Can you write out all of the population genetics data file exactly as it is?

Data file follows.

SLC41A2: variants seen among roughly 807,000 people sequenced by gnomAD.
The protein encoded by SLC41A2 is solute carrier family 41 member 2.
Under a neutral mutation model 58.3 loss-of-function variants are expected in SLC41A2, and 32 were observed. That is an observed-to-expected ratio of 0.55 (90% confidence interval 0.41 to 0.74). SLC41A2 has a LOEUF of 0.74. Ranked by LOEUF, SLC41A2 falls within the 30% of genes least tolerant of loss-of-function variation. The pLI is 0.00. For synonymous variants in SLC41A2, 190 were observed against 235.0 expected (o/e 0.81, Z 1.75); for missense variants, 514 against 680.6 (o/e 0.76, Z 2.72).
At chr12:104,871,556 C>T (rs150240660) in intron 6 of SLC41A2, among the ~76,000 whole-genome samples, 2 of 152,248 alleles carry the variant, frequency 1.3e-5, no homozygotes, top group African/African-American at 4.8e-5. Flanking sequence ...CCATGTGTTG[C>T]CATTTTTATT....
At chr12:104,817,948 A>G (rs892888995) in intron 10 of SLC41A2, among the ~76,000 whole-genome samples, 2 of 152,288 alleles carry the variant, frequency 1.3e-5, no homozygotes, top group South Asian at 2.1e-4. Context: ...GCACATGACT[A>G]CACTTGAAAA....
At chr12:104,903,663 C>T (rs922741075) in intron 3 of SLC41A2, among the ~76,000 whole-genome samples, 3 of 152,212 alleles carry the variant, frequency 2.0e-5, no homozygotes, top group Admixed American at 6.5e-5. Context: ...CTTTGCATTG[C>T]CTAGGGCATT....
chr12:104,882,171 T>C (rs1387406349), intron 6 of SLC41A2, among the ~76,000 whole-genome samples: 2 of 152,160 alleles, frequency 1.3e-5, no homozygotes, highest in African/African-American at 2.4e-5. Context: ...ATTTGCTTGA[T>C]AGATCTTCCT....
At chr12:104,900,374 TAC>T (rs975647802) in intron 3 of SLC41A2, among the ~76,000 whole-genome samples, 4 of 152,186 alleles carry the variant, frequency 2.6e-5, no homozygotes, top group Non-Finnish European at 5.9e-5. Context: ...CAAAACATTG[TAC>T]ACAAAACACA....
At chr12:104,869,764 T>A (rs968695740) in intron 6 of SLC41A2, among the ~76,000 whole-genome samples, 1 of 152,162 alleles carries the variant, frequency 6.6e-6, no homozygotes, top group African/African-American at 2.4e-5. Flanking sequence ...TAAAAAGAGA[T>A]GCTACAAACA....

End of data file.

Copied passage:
SLC41A2: variants seen among roughly 807,000 people sequenced by gnomAD.
The protein encoded by SLC41A2 is solute carrier family 41 member 2.
Under a neutral mutation model 58.3 loss-of-function variants are expected in SLC41A2, and 32 were observed. That is an observed-to-expected ratio of 0.55 (90% confidence interval 0.41 to 0.74). SLC41A2 has a LOEUF of 0.74. Ranked by LOEUF, SLC41A2 falls within the 30% of genes least tolerant of loss-of-function variation. The pLI is 0.00. For synonymous variants in SLC41A2, 190 were observed against 235.0 expected (o/e 0.81, Z 1.75); for missense variants, 514 against 680.6 (o/e 0.76, Z 2.72).
At chr12:104,871,556 C>T (rs150240660) in intron 6 of SLC41A2, among the ~76,000 whole-genome samples, 2 of 152,248 alleles carry the variant, frequency 1.3e-5, no homozygotes, top group African/African-American at 4.8e-5. Flanking sequence ...CCATGTGTTG[C>T]CATTTTTATT....
At chr12:104,817,948 A>G (rs892888995) in intron 10 of SLC41A2, among the ~76,000 whole-genome samples, 2 of 152,288 alleles carry the variant, frequency 1.3e-5, no homozygotes, top group South Asian at 2.1e-4. Context: ...GCACATGACT[A>G]CACTTGAAAA....
At chr12:104,903,663 C>T (rs922741075) in intron 3 of SLC41A2, among the ~76,000 whole-genome samples, 3 of 152,212 alleles carry the variant, frequency 2.0e-5, no homozygotes, top group Admixed American at 6.5e-5. Context: ...CTTTGCATTG[C>T]CTAGGGCATT....
chr12:104,882,171 T>C (rs1387406349), intron 6 of SLC41A2, among the ~76,000 whole-genome samples: 2 of 152,160 alleles, frequency 1.3e-5, no homozygotes, highest in African/African-American at 2.4e-5. Context: ...ATTTGCTTGA[T>C]AGATCTTCCT....
At chr12:104,900,374 TAC>T (rs975647802) in intron 3 of SLC41A2, among the ~76,000 whole-genome samples, 4 of 152,186 alleles carry the variant, frequency 2.6e-5, no homozygotes, top group Non-Finnish European at 5.9e-5. Context: ...CAAAACATTG[TAC>T]ACAAAACACA....
At chr12:104,869,764 T>A (rs968695740) in intron 6 of SLC41A2, among the ~76,000 whole-genome samples, 1 of 152,162 alleles carries the variant, frequency 6.6e-6, no homozygotes, top group African/African-American at 2.4e-5. Flanking sequence ...TAAAAAGAGA[T>A]GCTACAAACA....